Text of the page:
Suggested Citation:"1 Introduction." National Research Council. 1997. The Scientific Bases for Preservation of the Mariana Crow. Washington, DC: The National Academies Press. doi: 10.17226/5372.
×

GENETICS

An understanding of the genetic relationship between the Guam and Rota populations is critical to evaluating conservation options. Tarr and Fleischer's (1995) mitochondrial DNA (mtDNA) and DNA ''fingerprinting" work on aga, American crows (Corvus brachyrhynchos), and ravens (Corvus corax), although limited, sheds light on this issue. The mtDNA data reveal only one polymorphic site for aga, and each insular population was fixed for all alternate bases at that site. In addition, the total sequence difference between populations was only about one-tenth that between raven populations. Samples were small (8 Guam birds and 10 Rota birds), but DNA fingerprinting indicated close similarity between the populations. Thus, although the two populations are genetically distinct, the differences are very small, and the colonization of Rota from Guam might have been relatively recent.

The genetic diversity within the two populations is of additional interest. The Guam sample included close relatives, but the extent of DNA band-sharing among them was much lower (that is, more genetically diverse: S = 40–47%) than that among the Rota birds, which were sampled from various locations over the island (S = 69–88%). The greater genetic diversity of the Guam population suggests that the Rota population was derived from a fairly recent (on an evolutionary scale) colonization of Rota by relatively few individuals from Guam and that there has been relatively little interchange between populations. Management implications of those findings will be discussed in chapter 5.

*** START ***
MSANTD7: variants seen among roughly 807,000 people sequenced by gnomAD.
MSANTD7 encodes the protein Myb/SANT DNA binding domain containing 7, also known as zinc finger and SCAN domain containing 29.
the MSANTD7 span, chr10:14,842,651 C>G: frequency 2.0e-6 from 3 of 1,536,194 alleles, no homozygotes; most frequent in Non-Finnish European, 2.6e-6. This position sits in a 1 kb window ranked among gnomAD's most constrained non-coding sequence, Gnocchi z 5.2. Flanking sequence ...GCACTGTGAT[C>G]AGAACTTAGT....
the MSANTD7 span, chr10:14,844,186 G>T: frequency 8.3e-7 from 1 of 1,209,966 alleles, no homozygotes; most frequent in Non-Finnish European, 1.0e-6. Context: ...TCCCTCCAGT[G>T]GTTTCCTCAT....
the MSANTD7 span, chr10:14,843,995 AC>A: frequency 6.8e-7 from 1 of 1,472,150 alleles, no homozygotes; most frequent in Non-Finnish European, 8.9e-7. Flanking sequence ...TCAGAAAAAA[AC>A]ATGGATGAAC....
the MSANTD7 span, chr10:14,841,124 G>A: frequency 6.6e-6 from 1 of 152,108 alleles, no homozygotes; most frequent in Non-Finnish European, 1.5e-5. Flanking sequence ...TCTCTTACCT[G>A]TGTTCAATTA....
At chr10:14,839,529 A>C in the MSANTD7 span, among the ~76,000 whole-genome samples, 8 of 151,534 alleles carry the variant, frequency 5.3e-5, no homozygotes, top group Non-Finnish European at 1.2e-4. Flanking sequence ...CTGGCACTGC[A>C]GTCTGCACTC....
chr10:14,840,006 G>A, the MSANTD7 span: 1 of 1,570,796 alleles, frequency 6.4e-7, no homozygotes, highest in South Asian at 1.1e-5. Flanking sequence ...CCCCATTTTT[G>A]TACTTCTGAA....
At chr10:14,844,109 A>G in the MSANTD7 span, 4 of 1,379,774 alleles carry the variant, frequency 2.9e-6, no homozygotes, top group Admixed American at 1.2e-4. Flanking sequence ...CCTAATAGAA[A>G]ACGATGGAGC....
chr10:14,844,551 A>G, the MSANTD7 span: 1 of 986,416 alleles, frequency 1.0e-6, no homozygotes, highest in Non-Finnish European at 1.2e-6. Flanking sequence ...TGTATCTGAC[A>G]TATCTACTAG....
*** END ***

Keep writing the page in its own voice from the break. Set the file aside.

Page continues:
THIS STUDY

Responsibility for the recovery of the aga under the Endangered Species Act rests with FWS. FWS asked the National Research Council to conduct a scientific review of the information available on the aga and to recommend appropriate specific recovery actions to prevent extinction of the Guam population and to ensure species survival. The Committee on the Scientific Bases for Preservation of the Mariana Crow—comprising experts in ornithology, conservation biology, captive propagation, herpetology, avian pathology, behavior, and population ecology—was formed under the Research Council's Board on Biology and charged in March 1996 to review the available relevant environmental information and to prepare a report detailing the status of the two populations of the aga and the management actions necessary for their recovery and conservation (see appendix A, "Statement of Task"). The committee examined the relevant scientific data, held a public meeting, and spoke to numerous persons, including biologists with federal agencies, DAWR, and the CNMI Department of Lands and Natural Resources' Division of Fish and Wildlife (see appendix B, "Acknowledgments"). The committee also visited study sites and research facilities on both Guam and Rota.

Suggested Citation:"1 Introduction." National Research Council. 1997. The Scientific Bases for Preservation of the Mariana Crow. Washington, DC: The National Academies Press. doi: 10.17226/5372.
×